Early childhood education bachelor's degree programs prepare students to become professional teachers and mentors to children ages birth through third grade. Prospective teachers develop primary knowledge of curriculum development and teaching methodologies, and they learn to identify and instruct students with special needs. They are trained to promote positive relationships with families and students in diverse communities. Undergraduates gain practical experience working with and observing infants, toddlers and preschoolers through on-site labs. The program culminates in a supervised internship and capstone project.
Admission requirements may vary by institution. In general, applicants must have a high-school diploma or equivalent and meet minimum college admission test scores and GPA requirements. In addition to general admission requirements enforced by the university, a student may also need to meet specific requirements for entry into a school's education program.
Find schools that offer these popular programs
- Teacher Education, Multiple Levels
- Teaching, Adults
- Teaching, Elementary
- Teaching, High School
- Teaching, Junior High
- Teaching, Kindergarten and Preschool
- Teaching, Waldorf and Steiner Education
- Teaching, Young Children
Bachelor's Degree in Early Childhood Education
In order to prepare students to become professional teachers, the curriculum in an early childhood education program covers a broad spectrum of both general education and major-specific courses. Students will cover general coursework in English, math, social studies and humanities. In classes specific to their early childhood education major, students will also learn pedagogical theories and techniques, and health and family topics, including the following:
- Child development
- Children, families and societies
- Language and literacy development
- Exploring teaching and learning
- Classroom management
- Early childhood education assessment
Popular Career Options
Bachelor's degree holders have the practical knowledge and skills to work with young children in a variety of Head Start programs, day care centers and elementary schools. Typical professional careers for early childhood educators may include:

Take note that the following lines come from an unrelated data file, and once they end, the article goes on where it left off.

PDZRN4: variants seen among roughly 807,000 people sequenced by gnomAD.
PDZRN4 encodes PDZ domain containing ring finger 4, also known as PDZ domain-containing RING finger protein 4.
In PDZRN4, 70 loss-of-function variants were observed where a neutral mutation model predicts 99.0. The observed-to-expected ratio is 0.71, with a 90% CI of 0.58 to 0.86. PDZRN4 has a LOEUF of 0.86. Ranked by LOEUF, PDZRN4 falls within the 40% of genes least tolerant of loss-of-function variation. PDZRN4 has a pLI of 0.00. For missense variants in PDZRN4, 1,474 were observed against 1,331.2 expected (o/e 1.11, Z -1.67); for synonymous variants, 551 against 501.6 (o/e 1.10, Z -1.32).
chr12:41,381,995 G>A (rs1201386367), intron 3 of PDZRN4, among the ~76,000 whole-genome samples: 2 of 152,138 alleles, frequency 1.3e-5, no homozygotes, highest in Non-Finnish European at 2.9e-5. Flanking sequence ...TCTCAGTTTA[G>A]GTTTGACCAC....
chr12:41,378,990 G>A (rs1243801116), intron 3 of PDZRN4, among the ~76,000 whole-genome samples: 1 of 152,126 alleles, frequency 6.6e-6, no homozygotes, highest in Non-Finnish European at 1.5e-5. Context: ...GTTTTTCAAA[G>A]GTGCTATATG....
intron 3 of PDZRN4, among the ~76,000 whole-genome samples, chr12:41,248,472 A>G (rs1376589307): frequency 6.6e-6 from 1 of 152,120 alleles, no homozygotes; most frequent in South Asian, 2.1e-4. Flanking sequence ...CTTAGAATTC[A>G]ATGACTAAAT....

- Head Start teacher
- Preschool teacher
- Day care center specialist
- Kindergarten teacher
- Educational assistant
Employment Outlook and Salary Information
The U.S. Bureau of Labor Statistics (BLS) reported that kindergarten and elementary school teaching positions are predicted to increase 6% from 2014-2024. The job outlook was best in rural and urban areas. In May 2015, kindergarten teachers made a mean yearly salary of $54,510, while elementary school teachers earned $57,730, according to the BLS.
Professional Certification and Continuing Education Information
Certification requirements for pre-kindergarten and Head Start teachers vary across states. Kindergarten and elementary teachers in public schools are required to pass a state certification exam. To be eligible for the exam, teachers must hold a bachelor's degree and have relevant teaching experience. Graduates may also choose to advance their careers through the expertise and practical knowledge found in a master's degree program.
Individuals interested in a bachelor's degree in early childhood education will take a wide array of general education and early childhood-specific coursework, as well as spend time in the field. Certification requirements vary by state. Teachers may find work in schools, day care facilities and other environments.